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| ||Is your baby sleeping safely? Your baby may not sleep through the night, but make sure they sleep safely when they do. Keep your baby safe and sound with the following pointers: |
- Make sure the crib sits on level flooring to avoid tipping.
- Ensure the integrity of the crib (no loose slats, no chipping paint, etc.).
- Use a firm mattress that fits snugly in the crib. If you can fit more than 2 fingers between the mattress and the crib, you should not use the mattress.
- Do not use soft bedding, pillows, blankets or sleep positioners in the crib.
| Wonder Bumpers|
- Sleep sacks are a great, safe alternative to blankets.
- If using a blanket, be sure to keep your baby's arms outside of the blanket, make sure the blanket is no higher than your baby's chest and tuck the blanket firmly. This will avoid accidental suffocation from the blanket moving and covering your baby's nose and mouth during sleep.
- Remove toys from the crib when your baby is sleeping.
- Always place your baby on his/her back when sleeping.
- If you desire a bumper in your baby's bed, opt for a breathable mesh bumper to allow air to circulate around your baby's face. Be sure the bumper is secured properly and any loose or left over strings are removed. Another option is to use Wonder Bumpers which cover each slat of the crib and secure in place with zippers instead of ties.
- Once your baby begins to get on his/her hands-and-knees, position the crib to the lowest setting, remove bumpers and remove hanging toys (such as mobiles) to prevent injury.
- Ensure crib slats are no more than 2 3/8 inches (6 centimeters) apart to prevent entrapment.
- Corner posts should be either level with the head and foot board, no more than 1/16 of an inch high or should be at least 16 inches (41 centimeters) tall to avoid strangulation.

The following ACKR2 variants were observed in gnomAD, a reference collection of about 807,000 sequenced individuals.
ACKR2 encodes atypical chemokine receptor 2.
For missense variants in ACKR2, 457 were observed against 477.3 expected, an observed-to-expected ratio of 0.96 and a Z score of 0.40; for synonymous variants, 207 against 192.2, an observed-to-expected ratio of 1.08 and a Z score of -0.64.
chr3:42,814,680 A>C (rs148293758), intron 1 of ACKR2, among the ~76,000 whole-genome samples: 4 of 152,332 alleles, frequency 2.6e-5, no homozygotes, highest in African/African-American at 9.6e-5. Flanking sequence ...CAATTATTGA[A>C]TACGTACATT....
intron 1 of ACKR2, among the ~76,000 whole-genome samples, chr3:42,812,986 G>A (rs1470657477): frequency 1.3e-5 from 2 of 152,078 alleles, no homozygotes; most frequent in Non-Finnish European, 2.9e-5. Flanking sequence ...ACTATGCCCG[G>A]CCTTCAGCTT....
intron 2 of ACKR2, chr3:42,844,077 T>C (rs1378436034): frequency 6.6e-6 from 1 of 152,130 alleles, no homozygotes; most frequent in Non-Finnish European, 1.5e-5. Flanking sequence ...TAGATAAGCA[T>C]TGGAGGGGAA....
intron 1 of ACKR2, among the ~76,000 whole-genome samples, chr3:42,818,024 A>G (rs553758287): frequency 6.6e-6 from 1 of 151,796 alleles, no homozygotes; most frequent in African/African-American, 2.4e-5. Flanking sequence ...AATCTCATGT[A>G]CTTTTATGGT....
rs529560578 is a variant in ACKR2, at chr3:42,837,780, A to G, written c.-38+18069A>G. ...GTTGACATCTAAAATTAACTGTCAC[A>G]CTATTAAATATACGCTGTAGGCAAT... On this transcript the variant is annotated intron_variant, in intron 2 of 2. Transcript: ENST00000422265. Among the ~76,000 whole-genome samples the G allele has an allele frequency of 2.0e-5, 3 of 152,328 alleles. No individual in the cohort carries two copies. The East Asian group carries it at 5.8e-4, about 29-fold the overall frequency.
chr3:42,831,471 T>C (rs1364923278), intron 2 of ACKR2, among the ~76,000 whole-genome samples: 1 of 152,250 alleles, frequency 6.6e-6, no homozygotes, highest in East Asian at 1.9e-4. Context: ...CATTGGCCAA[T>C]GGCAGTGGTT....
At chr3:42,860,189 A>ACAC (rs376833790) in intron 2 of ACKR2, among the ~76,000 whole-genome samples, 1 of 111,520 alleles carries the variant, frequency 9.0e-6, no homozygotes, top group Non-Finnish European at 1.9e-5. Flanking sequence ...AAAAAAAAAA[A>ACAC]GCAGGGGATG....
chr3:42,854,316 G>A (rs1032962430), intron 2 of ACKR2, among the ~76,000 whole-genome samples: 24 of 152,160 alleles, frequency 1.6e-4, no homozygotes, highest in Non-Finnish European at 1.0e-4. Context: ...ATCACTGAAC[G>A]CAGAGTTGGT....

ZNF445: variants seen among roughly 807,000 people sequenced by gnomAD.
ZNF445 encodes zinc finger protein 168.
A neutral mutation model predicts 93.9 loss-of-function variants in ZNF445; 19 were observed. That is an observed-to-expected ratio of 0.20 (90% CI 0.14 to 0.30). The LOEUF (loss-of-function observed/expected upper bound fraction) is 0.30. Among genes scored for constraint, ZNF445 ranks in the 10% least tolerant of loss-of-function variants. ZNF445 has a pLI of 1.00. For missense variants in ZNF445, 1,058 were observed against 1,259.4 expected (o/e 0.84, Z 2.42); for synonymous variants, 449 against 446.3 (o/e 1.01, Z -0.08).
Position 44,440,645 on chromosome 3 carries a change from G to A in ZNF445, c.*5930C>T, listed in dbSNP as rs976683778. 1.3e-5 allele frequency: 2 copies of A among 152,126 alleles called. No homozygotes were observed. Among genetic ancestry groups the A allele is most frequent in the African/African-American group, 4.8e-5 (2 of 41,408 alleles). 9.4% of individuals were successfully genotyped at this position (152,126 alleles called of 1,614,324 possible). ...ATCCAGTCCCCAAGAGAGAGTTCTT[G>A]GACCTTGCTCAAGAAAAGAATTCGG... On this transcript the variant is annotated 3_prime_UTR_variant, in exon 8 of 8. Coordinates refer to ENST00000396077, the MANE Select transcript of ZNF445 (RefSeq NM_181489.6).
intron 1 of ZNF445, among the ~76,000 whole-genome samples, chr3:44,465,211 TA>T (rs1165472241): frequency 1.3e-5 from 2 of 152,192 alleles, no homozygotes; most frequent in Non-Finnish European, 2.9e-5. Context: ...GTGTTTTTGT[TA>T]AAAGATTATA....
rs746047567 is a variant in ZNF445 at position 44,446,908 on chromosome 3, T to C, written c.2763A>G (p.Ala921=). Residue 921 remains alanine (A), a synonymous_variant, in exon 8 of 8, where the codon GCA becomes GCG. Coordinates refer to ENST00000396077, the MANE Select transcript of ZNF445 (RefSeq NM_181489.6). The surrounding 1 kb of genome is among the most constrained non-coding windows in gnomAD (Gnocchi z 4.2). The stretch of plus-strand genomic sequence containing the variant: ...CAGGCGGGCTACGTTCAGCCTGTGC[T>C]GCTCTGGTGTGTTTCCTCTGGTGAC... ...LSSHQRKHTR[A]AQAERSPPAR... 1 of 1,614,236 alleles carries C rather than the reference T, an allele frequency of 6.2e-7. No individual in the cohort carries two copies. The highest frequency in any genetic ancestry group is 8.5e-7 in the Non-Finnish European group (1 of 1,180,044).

- Avoid cribs with decorative cutouts in the headboards and/or footboards. This is an entrapment hazard.
- It's best to buy a new crib. In June 2011, the Consumer Products Safety Commission (CPSC) issued new safety regulations for cribs, therefore, older cribs may not meet these current standards. According to the CPSC, "these mandatory standards will: 1) stop the manufacture and sale of dangerous, traditional drop-side cribs; 2) make mattress supports stronger; 3) improve slat strength, 4) make crib hardware more durable; and 5) make safety testing more rigorous."
- Keep the crib away from windows, drapes, ropes, strings, monitor cords or anything that is dangling and could be a potential strangulation hazard.
- Look for cribs certified by the Juvenile Product Manufacturers Association (JPMA) and check to see if the crib has been recalled.
- Use a baby monitor to keep eyes and ears on your baby while you are out of the room.
Knowing your baby is safe and sound might get you some shut eye too!
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| Crib Safety Questions and Answers|
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Author : Diba Tillery RN, BSN, IBCLC, CPST